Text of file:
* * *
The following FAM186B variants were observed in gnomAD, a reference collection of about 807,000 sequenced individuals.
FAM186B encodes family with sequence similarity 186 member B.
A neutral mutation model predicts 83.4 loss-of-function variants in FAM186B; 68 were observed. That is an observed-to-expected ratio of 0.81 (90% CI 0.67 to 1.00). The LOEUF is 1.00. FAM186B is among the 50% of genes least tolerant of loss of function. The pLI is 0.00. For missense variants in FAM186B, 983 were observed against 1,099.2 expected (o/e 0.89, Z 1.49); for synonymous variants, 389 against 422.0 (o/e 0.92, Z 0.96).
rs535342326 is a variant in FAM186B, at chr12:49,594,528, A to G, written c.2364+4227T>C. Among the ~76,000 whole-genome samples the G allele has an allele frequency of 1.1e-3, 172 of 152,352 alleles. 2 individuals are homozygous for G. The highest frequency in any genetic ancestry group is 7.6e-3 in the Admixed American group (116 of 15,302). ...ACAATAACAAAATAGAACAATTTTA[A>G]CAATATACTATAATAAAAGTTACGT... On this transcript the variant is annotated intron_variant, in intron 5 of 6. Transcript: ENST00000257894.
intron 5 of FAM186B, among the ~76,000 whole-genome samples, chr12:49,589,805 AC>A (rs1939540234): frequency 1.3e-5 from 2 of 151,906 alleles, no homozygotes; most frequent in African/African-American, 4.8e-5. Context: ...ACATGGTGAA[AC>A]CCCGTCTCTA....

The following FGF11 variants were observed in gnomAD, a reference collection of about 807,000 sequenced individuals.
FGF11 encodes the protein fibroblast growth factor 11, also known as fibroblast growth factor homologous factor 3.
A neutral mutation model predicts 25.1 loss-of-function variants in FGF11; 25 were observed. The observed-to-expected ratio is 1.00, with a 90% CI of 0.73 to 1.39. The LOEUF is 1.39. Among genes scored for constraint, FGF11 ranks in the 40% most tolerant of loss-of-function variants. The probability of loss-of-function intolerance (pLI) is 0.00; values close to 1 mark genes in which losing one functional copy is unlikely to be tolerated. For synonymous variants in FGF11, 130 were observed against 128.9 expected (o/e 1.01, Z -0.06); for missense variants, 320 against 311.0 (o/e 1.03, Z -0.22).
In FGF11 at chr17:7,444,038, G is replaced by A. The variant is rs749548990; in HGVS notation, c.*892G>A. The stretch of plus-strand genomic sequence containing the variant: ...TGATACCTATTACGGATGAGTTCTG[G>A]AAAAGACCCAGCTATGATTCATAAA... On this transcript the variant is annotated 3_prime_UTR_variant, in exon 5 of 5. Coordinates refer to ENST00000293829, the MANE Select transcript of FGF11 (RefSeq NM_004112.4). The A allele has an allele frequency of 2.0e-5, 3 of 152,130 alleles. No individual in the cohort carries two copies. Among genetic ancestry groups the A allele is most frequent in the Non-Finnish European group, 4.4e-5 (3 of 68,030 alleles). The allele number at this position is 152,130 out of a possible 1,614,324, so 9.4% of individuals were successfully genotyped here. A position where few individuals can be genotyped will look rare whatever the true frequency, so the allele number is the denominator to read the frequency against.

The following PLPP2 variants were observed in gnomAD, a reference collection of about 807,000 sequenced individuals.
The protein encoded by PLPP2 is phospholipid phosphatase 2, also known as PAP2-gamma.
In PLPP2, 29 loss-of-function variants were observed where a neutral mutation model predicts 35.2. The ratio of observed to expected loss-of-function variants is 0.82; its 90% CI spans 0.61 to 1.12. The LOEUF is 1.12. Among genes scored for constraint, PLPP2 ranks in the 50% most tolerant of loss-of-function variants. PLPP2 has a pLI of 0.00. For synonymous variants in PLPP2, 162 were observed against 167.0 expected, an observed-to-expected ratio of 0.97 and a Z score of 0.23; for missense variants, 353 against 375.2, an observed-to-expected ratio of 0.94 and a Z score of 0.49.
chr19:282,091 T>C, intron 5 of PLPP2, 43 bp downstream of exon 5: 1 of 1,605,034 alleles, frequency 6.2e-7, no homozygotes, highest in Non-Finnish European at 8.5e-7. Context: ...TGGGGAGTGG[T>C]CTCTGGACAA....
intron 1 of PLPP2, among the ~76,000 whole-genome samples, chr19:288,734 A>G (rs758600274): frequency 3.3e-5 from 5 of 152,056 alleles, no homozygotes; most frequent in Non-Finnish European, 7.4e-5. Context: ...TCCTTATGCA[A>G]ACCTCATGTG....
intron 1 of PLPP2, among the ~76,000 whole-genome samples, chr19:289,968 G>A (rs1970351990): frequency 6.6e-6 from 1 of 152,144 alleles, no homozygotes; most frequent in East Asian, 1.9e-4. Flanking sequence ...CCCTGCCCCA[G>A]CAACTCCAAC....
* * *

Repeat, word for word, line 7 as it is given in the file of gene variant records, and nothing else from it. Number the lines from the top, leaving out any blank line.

FGF11 encodes the protein fibroblast growth factor 11, also known as fibroblast growth factor homologous factor 3.